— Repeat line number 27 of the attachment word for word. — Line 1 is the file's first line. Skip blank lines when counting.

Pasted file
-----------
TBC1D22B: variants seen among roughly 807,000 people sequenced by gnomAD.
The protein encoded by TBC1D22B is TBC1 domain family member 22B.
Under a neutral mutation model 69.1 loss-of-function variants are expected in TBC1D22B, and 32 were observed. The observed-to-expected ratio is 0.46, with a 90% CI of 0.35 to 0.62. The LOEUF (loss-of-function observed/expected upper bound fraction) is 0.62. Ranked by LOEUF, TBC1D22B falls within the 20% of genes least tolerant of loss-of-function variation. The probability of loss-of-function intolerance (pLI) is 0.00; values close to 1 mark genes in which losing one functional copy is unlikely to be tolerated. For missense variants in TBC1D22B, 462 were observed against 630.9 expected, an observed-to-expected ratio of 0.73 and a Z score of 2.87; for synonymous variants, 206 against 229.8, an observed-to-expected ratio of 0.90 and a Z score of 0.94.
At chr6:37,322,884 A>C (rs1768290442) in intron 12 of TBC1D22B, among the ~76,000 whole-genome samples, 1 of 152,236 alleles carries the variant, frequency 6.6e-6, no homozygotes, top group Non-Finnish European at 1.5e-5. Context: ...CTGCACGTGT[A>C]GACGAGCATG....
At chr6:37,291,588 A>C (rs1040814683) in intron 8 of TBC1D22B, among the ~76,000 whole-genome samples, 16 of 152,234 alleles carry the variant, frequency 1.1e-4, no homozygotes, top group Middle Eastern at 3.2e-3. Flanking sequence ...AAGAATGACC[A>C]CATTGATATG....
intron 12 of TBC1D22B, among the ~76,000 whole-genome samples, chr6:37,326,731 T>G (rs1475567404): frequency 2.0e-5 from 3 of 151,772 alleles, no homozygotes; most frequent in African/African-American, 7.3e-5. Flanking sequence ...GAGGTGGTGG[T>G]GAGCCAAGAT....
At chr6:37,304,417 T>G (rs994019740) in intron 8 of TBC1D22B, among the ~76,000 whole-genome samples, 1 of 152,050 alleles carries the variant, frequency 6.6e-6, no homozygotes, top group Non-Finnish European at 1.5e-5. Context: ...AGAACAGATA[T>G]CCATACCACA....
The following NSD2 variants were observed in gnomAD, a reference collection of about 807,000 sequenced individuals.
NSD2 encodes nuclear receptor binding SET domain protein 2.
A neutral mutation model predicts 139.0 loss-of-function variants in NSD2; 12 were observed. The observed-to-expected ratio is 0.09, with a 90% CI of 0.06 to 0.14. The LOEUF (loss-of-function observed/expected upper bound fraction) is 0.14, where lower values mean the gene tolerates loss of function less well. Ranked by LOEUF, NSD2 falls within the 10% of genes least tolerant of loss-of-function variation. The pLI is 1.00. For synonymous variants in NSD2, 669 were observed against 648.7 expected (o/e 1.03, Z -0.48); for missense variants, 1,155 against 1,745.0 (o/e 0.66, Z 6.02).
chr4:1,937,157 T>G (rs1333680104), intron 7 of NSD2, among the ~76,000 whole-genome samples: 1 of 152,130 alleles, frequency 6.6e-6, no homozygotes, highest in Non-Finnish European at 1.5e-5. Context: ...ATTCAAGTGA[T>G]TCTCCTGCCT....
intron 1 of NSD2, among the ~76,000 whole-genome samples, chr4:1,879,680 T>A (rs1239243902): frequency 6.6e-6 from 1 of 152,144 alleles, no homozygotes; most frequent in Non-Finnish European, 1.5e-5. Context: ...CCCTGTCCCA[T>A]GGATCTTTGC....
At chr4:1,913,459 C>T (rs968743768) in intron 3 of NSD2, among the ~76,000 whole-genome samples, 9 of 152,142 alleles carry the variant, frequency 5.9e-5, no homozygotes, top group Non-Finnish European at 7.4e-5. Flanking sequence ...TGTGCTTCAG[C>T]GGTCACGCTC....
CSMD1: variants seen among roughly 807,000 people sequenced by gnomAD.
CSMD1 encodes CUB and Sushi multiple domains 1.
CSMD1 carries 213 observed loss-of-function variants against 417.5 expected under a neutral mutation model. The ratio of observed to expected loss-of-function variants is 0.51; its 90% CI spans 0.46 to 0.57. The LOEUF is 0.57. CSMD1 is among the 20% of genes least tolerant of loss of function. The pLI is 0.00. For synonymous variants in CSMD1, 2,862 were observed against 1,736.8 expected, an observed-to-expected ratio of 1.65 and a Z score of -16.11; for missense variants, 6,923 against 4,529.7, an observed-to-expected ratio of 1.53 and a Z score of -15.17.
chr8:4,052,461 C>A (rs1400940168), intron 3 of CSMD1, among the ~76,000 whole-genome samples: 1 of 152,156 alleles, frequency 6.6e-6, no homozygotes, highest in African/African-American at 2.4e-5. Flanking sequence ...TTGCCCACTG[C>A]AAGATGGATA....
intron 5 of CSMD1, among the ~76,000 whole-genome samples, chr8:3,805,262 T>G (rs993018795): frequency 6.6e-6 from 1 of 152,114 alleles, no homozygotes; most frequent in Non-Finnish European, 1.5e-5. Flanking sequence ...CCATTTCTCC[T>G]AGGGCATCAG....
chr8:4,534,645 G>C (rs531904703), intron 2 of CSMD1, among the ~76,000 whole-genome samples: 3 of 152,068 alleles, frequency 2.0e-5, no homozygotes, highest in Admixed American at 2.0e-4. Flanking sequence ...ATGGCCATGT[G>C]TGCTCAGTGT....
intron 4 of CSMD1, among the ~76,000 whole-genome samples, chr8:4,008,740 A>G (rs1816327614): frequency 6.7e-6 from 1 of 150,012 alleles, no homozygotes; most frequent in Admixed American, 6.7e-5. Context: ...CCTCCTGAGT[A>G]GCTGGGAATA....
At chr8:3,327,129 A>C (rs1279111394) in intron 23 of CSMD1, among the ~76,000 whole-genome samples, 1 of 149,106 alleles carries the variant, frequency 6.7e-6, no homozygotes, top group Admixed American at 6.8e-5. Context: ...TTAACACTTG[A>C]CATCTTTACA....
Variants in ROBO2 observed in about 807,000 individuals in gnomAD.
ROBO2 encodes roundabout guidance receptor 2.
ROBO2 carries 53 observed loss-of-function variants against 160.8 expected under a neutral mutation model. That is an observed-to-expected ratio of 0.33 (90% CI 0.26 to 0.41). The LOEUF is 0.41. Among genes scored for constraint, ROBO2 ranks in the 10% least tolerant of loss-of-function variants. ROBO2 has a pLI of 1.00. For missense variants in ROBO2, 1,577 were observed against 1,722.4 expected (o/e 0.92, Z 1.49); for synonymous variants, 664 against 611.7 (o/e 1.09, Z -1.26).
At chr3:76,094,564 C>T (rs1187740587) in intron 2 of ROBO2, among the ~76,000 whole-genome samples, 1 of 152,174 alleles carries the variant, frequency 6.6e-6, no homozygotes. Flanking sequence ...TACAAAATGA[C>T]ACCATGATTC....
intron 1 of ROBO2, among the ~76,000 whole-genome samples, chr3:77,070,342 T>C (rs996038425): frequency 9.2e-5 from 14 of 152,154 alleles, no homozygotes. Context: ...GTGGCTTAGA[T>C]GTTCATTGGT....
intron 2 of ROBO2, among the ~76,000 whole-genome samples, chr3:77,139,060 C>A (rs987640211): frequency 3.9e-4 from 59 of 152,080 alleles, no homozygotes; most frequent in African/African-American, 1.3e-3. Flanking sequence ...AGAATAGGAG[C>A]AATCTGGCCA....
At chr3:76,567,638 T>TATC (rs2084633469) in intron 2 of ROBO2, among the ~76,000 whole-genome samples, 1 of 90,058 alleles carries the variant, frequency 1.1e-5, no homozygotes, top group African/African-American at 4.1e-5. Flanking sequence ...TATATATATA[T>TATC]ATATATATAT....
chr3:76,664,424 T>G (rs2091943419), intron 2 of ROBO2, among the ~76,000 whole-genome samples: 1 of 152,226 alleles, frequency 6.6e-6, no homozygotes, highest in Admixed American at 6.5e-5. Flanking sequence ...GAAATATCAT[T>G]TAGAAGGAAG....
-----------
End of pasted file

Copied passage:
intron 2 of ROBO2, among the ~76,000 whole-genome samples, chr3:77,139,060 C>A (rs987640211): frequency 3.9e-4 from 59 of 152,080 alleles, no homozygotes; most frequent in African/African-American, 1.3e-3. Flanking sequence ...AGAATAGGAG[C>A]AATCTGGCCA....